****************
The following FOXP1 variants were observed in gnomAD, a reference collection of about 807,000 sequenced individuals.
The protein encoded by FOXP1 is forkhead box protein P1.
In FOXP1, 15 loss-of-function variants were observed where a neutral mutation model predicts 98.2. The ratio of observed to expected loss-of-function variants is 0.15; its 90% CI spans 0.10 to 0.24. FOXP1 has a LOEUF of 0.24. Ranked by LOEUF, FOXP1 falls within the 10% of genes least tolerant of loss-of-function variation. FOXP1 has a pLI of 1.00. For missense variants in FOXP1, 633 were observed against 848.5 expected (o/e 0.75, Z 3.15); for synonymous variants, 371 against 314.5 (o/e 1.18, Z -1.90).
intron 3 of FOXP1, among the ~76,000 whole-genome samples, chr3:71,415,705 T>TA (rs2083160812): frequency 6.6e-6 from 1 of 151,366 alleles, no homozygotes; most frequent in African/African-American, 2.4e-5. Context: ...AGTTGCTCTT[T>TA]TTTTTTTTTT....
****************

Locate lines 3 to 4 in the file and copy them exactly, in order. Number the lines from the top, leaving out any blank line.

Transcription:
In FOXP1, 15 loss-of-function variants were observed where a neutral mutation model predicts 98.2. The ratio of observed to expected loss-of-function variants is 0.15; its 90% CI spans 0.10 to 0.24. FOXP1 has a LOEUF of 0.24. Ranked by LOEUF, FOXP1 falls within the 10% of genes least tolerant of loss-of-function variation. FOXP1 has a pLI of 1.00. For missense variants in FOXP1, 633 were observed against 848.5 expected (o/e 0.75, Z 3.15); for synonymous variants, 371 against 314.5 (o/e 1.18, Z -1.90).
intron 3 of FOXP1, among the ~76,000 whole-genome samples, chr3:71,415,705 T>TA (rs2083160812): frequency 6.6e-6 from 1 of 151,366 alleles, no homozygotes; most frequent in African/African-American, 2.4e-5. Context: ...AGTTGCTCTT[T>TA]TTTTTTTTTT....